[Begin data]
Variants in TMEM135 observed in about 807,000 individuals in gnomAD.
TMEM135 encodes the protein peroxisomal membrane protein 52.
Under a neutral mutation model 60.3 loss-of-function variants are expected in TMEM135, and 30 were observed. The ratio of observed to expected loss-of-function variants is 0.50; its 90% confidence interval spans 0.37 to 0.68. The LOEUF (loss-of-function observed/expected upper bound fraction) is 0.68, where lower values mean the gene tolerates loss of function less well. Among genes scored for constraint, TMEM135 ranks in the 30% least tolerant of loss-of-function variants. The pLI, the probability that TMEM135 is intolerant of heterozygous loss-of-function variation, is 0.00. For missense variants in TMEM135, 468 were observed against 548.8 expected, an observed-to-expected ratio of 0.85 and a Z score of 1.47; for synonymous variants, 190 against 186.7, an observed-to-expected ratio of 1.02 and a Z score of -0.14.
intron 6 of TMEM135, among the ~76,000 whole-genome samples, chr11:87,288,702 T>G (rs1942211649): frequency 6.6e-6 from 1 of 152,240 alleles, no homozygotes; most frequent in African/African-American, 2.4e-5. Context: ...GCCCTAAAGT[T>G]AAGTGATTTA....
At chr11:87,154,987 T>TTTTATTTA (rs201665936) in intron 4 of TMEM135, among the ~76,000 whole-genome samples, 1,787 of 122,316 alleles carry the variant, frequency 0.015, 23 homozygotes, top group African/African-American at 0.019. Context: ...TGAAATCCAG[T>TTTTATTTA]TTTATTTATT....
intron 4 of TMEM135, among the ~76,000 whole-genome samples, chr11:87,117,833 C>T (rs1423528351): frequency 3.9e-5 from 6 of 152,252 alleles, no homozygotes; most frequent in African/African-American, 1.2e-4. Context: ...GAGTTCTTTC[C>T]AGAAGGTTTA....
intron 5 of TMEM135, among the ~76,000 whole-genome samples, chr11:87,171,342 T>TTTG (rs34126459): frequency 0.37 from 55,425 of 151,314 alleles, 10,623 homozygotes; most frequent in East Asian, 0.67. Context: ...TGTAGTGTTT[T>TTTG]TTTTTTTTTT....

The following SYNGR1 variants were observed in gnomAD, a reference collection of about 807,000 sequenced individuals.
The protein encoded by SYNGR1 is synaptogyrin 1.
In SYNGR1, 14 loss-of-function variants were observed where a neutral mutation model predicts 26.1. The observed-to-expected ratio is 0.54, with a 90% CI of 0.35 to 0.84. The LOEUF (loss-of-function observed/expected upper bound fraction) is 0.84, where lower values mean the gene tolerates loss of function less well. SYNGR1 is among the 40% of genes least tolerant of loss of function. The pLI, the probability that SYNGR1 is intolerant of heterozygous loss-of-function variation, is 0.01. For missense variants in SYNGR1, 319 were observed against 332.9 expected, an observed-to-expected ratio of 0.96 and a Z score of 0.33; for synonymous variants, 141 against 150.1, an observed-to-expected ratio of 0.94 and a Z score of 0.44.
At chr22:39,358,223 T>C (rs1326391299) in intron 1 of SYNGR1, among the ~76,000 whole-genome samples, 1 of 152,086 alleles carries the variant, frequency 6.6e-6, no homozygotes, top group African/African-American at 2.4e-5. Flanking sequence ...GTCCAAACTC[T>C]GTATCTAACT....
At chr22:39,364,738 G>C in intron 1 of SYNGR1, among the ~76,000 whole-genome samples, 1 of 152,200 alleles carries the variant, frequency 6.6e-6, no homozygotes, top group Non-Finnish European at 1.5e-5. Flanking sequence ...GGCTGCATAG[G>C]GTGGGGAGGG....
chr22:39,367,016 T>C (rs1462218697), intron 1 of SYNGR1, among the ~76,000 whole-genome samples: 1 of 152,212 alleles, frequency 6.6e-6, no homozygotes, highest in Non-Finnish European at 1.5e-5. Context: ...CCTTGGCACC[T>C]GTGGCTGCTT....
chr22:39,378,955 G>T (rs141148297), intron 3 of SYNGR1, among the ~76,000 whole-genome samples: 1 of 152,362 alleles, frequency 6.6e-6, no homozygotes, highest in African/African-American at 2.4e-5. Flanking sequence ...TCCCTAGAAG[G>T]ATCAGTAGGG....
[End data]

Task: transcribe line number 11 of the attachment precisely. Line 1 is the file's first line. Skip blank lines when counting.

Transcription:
At chr22:39,358,223 T>C (rs1326391299) in intron 1 of SYNGR1, among the ~76,000 whole-genome samples, 1 of 152,086 alleles carries the variant, frequency 6.6e-6, no homozygotes, top group African/African-American at 2.4e-5. Flanking sequence ...GTCCAAACTC[T>C]GTATCTAACT....